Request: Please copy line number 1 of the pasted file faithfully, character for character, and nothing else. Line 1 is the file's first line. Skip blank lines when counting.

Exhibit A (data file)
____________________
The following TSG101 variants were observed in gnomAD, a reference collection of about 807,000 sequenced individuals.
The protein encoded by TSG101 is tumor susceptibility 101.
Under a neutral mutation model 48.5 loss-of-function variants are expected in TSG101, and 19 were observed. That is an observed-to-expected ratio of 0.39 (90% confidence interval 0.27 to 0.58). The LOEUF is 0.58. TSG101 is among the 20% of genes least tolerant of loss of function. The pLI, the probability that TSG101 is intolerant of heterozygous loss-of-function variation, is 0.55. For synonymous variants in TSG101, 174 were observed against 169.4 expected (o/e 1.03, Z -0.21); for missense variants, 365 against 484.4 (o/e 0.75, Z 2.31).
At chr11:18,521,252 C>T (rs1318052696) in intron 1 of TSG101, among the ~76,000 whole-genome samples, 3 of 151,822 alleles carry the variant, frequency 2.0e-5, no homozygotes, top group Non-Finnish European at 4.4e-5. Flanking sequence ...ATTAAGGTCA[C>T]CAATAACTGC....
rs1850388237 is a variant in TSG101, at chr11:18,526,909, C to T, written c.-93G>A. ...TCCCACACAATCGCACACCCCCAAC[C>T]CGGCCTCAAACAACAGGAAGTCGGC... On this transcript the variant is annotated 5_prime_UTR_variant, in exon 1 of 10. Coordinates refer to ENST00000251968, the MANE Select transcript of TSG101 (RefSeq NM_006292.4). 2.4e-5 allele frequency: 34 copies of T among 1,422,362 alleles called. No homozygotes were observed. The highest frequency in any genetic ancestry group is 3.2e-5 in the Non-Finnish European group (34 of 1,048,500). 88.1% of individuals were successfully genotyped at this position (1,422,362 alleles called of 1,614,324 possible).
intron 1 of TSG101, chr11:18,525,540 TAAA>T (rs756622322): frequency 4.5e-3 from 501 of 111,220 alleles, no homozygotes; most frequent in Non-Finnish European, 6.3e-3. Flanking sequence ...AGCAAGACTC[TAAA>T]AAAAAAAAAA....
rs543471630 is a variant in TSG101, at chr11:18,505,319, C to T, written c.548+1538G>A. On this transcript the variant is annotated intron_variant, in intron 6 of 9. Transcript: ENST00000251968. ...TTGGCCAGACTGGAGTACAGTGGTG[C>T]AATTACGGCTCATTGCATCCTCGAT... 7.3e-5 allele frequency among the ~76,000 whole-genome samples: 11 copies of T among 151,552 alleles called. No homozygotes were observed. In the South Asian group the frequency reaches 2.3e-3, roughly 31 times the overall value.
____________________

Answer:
The following TSG101 variants were observed in gnomAD, a reference collection of about 807,000 sequenced individuals.